Discretion is the Better Part of Valour


In the great majority of our trusts, you will see the terminology “as the Trustees shall deem advisable, in their sole and absolute discretion.”  These words reference the power granted to Trustees to make distributions to beneficiaries based on their sole and absolute discretion.  While this may seem restrictive, in that it creates a barrier to a beneficiary receiving their funds, we do this for protection of the trust, protection of the Grantor, and protection of the beneficiary.  The debate continues as to the true meaning of discretion.  However, in a recent case, In re McCoy, the Courts once again have made it clear that if a beneficiary falls in to creditor trouble, what is in the beneficiaries control is subject to the creditor’s garnishment.

In re McCoy, a bankruptcy case in the Western District of Wisconsin, subjected a decedent’s revocable trust to the bankruptcy Court’s scrutiny.  In this case, the trust granted the Trustee power to make an annual distribution of $20,000 to the Grantor’s daughter.  Upon the Grantors death, the Grantor’s daughter found herself in serious creditor trouble, which ultimately led to bankruptcy.  During the bankruptcy proceedings, the creditors argued that all future annual distributions of $20,000 to the daughter should become the property of the creditor.  While the Court agreed that all distributions made would become subject to creditor claim, the Court disagreed that the creditor could compel the Trustee to make such distributions should they choose not to.  Ultimately, the Court held that those funds already possessed by the daughter were subject to creditor claims.  However, because the Trustee was given absolute discretion to make annual distributions, the Trustee could not be compelled to make such distributions.  Therefore, when annually the Trustee chooses not to make such distributions, the creditor has no authority to compel the Trustee to do so.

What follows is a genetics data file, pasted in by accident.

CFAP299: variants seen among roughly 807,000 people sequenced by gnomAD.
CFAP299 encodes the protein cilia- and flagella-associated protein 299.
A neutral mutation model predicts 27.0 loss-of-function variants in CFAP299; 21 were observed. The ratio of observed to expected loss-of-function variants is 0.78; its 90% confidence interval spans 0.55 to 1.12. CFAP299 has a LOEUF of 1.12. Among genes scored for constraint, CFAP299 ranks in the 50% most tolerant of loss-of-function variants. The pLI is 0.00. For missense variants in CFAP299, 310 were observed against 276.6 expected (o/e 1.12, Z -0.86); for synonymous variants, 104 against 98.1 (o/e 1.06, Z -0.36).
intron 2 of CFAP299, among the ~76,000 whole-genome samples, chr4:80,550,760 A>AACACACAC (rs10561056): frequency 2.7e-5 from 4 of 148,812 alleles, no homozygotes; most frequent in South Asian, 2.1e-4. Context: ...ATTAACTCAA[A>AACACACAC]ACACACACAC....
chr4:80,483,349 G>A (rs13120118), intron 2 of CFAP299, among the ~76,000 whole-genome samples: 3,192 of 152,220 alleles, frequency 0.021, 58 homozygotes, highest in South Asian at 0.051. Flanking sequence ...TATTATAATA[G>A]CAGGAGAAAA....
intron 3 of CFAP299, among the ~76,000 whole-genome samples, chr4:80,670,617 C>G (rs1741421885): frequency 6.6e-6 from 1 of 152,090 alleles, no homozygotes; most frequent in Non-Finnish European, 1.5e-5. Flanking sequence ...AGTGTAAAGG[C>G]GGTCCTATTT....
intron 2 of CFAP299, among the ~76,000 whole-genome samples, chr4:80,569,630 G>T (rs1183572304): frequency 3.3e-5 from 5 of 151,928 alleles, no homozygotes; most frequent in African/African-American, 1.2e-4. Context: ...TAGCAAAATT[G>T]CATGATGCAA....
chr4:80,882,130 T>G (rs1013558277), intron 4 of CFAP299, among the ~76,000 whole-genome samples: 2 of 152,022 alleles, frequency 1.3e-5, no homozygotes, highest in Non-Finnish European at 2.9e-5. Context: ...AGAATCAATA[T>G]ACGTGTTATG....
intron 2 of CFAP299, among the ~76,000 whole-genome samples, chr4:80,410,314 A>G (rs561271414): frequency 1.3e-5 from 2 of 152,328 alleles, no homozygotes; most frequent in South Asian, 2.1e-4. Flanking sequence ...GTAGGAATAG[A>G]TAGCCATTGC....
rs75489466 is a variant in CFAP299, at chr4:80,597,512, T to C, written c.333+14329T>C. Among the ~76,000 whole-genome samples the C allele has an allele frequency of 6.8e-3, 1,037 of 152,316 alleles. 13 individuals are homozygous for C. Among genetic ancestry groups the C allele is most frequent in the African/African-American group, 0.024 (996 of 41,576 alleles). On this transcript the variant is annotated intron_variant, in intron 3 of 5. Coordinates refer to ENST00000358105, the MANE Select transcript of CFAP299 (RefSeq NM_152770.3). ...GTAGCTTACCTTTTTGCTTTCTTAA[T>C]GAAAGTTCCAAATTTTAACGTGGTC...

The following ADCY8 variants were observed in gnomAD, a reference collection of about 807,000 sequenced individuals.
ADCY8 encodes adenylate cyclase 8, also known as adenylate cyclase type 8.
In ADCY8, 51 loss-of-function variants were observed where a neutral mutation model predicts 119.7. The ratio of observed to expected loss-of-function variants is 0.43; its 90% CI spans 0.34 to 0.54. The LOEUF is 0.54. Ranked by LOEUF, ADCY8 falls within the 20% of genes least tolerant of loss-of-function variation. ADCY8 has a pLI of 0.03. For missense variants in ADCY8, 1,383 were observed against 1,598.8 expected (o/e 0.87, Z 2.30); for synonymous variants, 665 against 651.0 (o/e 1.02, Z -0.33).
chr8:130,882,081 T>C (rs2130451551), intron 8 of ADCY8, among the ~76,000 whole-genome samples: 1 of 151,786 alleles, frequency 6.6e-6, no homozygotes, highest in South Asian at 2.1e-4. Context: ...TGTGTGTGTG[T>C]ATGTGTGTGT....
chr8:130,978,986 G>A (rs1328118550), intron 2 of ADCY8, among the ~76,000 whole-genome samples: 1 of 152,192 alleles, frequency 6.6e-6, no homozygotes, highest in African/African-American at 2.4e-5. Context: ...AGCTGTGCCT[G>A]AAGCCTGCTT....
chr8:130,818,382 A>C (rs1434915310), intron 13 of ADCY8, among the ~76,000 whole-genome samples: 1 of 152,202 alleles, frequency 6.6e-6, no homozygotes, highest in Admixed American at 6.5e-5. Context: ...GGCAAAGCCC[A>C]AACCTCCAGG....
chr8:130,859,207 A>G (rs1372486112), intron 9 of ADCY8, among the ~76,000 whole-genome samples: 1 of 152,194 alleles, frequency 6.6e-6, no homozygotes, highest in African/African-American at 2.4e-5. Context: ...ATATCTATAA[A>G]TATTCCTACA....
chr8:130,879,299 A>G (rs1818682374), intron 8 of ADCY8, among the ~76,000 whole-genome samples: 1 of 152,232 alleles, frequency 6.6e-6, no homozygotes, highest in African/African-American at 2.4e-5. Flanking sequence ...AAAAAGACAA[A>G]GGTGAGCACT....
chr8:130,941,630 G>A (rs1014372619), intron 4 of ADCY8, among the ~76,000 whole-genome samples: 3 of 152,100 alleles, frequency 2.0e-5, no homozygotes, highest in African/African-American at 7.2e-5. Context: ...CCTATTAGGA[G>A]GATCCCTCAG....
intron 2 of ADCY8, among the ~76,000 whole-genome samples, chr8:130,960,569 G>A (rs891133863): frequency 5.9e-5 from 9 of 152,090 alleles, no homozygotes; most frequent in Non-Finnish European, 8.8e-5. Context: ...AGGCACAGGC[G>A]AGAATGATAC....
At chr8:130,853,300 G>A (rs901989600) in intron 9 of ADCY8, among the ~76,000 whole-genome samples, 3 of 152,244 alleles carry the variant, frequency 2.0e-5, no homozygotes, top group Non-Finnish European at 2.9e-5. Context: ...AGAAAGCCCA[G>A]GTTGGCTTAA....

The importance of good planning in this instance is the establishment of a purely discretionary trust which offers maximum asset protection.  In order to truly accomplish this, one must appoint a Trustee who they are confident will carry out the wishes of the Grantor.  This eliminates the fear of creating a boundary for beneficiaries to have access to the trust proceeds while eliminating the threat of capture by the beneficiaries’ creditors.   In re McCoy confirms that Courts are reluctant to compel distributions to creditors if the proper discretionary language is present.  Thus, for your safety and the safety of your beneficiaries, please review your documents to make sure the requisite level of discretion is present.

–  Gary Altman, Esq. and Adam Abramowitz, Esq.

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